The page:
On 26 May, as part of PHotoEspaña’s Off festival, Ivorypress presented the group exhibition Under 35, which brings together the work of five young Spanish photographers: Laia Abril, Alberto Lizaralde, Javier Marquerie Thomas, Óscar Monzón and Jordi Ruiz Cirera.
The overarching element of the works on show in this exhibition is the curiosity and inquisitiveness of these photographers. Laia Abril’s project The Epilogue documents the grieving process of the Robinson family after losing their daughter Cammy to bulimia. Abril reconstructs her life through family snapshots, objects and documents and offers a different point of view of bulimia, showing the different issues and conflicts Cammy struggled with thoughout her life and their effect on the indirect victims of this disease. Everything will be ok, by Alberto Lizaralde, is a reflective project produced throughout the course of five years, after an emotional breakdown. The series has a narrative structure in three acts, halfway between fiction and reality. Javier Marquerie Thomas takes a historical approach in Los Barros del Monje, in which he returns to 1937 to revisit the Battle of Brunete from his family’s country estate, where it took place. The photographs, which show a landscape bursting with ammunition and shrapnel, create a narrative in which, alongside his family, Marquerie confronts the landscape, the ammunition found in it and the stars that unite them to the soldiers in order to construct a tale about the war, despite not having lived through it. With Karma, a project produced between 2009 and 2013, Oscar Monzón uses cars as a metaphor for humankind, studying the attitudes and behaviours of people through their cars. It’s a strong work that shows a social and aesthetic evolution motivated by the human desire to achieve the perfection of a machine. In the work The United Soya Republic, Jordi Ruiz Cirera documents, in an intersectional way, the changes in the landscape and socioeconomic fabric that the agricultural export model is producing in Paraguay, currently the world’s fourth largest soy exporter, a million-dollar transnational industry.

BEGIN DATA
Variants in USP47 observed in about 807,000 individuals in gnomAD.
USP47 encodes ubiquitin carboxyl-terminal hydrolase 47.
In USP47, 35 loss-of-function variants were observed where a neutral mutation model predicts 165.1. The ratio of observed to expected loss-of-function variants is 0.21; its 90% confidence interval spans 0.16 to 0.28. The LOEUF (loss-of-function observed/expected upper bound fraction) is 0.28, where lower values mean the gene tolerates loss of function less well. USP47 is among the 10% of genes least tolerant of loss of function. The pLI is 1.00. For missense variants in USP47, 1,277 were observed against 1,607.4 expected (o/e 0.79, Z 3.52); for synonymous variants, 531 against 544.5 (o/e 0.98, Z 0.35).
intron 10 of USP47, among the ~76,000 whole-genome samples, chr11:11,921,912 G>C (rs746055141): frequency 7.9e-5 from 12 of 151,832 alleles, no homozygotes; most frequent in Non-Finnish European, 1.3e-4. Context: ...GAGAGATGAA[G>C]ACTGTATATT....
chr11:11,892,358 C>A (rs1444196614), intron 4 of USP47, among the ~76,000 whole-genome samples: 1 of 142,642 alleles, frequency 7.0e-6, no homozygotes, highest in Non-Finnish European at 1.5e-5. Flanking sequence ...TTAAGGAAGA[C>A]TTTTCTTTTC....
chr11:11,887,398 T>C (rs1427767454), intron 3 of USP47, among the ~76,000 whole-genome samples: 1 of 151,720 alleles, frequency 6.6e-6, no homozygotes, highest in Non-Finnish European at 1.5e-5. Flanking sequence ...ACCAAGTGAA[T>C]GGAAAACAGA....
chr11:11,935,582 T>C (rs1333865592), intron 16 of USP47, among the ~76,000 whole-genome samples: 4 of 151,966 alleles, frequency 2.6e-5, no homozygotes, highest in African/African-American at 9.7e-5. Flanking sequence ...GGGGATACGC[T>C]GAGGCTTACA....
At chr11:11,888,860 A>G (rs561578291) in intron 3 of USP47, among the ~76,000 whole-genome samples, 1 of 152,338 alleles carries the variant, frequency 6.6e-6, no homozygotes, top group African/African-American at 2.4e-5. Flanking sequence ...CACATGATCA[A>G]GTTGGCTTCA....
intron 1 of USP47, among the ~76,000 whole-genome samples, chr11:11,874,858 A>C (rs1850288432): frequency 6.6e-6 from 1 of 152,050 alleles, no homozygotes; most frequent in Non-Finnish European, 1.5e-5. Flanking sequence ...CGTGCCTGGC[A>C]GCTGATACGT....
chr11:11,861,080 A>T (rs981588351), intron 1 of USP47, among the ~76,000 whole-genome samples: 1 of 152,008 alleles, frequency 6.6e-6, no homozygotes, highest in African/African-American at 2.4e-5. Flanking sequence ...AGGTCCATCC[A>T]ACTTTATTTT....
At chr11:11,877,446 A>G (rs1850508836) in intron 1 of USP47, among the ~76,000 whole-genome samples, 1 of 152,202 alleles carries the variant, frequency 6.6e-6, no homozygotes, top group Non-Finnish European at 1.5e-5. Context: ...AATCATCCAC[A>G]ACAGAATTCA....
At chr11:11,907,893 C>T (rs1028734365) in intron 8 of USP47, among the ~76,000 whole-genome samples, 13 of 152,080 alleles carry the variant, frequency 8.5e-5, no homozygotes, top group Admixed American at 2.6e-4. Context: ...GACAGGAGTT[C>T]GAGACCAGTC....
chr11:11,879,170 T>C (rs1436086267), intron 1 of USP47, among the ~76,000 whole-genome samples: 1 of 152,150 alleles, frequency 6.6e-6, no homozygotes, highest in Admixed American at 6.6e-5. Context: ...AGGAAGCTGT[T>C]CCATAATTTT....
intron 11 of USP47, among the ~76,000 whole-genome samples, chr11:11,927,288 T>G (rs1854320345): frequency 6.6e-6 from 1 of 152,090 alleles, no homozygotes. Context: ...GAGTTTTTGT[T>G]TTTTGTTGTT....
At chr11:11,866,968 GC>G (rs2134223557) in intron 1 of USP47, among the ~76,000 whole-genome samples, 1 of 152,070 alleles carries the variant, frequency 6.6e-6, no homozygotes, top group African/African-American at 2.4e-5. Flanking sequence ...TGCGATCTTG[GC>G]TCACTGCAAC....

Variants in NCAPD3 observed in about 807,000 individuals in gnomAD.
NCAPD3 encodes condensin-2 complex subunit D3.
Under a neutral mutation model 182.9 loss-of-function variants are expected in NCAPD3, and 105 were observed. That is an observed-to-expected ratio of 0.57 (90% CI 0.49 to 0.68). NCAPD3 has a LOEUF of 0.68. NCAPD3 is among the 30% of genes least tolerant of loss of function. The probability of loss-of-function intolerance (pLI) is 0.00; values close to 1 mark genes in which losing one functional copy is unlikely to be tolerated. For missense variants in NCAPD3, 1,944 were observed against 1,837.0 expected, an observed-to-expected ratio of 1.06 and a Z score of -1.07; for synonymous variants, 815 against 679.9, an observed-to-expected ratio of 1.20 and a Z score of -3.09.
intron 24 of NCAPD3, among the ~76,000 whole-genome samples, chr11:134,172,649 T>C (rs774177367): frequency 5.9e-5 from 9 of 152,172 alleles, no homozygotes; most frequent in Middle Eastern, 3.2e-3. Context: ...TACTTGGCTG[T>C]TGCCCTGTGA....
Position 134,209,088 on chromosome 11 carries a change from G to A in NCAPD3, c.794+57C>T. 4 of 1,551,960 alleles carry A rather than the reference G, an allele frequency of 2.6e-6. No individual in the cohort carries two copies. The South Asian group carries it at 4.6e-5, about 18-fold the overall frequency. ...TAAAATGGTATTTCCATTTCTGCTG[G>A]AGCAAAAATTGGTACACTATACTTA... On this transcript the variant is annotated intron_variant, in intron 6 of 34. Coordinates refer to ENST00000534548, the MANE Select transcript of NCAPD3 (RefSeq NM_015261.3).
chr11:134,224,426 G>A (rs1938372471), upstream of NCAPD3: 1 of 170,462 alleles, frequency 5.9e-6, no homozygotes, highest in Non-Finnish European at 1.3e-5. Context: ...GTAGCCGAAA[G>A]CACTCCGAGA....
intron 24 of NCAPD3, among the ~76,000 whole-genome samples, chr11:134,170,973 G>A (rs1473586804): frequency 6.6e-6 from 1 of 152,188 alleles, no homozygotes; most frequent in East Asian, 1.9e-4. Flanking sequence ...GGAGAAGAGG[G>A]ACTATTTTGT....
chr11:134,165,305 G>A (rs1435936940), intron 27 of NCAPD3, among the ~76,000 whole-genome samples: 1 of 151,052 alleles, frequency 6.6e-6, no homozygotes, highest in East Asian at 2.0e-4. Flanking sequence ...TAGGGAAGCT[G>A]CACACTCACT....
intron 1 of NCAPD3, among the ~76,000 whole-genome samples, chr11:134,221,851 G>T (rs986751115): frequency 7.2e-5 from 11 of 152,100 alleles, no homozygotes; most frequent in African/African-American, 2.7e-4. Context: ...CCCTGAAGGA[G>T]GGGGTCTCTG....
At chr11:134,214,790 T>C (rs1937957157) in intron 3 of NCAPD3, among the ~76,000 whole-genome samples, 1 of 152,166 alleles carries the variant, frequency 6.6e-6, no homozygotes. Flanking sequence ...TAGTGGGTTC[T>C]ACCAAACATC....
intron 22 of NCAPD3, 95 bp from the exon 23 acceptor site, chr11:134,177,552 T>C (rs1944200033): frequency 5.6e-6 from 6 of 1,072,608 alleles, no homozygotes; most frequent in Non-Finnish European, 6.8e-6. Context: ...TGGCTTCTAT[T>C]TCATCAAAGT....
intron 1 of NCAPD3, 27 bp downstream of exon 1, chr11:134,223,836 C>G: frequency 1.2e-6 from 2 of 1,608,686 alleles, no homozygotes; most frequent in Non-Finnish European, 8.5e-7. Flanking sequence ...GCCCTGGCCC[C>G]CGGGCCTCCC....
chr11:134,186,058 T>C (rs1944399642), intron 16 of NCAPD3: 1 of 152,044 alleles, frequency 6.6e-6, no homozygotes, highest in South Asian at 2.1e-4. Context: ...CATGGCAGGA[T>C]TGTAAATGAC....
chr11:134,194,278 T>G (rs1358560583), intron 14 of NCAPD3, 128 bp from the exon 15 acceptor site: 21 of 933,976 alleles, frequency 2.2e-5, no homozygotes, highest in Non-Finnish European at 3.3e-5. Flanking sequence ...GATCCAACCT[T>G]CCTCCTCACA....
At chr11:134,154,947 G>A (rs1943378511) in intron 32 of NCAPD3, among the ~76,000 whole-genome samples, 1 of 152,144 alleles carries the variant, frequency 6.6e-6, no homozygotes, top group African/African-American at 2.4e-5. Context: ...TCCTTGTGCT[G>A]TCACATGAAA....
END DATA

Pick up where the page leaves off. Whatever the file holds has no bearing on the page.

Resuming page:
Images: © Pablo Gómez-Ogando. Courtesy Ivorypress
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